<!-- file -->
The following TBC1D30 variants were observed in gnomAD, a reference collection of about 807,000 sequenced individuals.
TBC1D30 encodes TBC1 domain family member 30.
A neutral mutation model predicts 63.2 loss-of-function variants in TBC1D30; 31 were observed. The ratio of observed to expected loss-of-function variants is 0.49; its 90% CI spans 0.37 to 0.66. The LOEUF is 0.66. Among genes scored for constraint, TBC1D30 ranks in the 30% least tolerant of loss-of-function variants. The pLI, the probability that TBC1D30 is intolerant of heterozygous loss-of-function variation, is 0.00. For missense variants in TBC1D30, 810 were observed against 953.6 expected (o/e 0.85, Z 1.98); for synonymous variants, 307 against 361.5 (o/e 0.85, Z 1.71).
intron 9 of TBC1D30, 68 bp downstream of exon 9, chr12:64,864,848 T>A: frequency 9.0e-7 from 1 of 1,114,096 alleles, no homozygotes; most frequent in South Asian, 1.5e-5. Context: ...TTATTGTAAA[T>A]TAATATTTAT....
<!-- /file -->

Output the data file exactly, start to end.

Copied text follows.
The following TBC1D30 variants were observed in gnomAD, a reference collection of about 807,000 sequenced individuals.
TBC1D30 encodes TBC1 domain family member 30.
A neutral mutation model predicts 63.2 loss-of-function variants in TBC1D30; 31 were observed. The ratio of observed to expected loss-of-function variants is 0.49; its 90% CI spans 0.37 to 0.66. The LOEUF is 0.66. Among genes scored for constraint, TBC1D30 ranks in the 30% least tolerant of loss-of-function variants. The pLI, the probability that TBC1D30 is intolerant of heterozygous loss-of-function variation, is 0.00. For missense variants in TBC1D30, 810 were observed against 953.6 expected (o/e 0.85, Z 1.98); for synonymous variants, 307 against 361.5 (o/e 0.85, Z 1.71).
intron 9 of TBC1D30, 68 bp downstream of exon 9, chr12:64,864,848 T>A: frequency 9.0e-7 from 1 of 1,114,096 alleles, no homozygotes; most frequent in South Asian, 1.5e-5. Context: ...TTATTGTAAA[T>A]TAATATTTAT....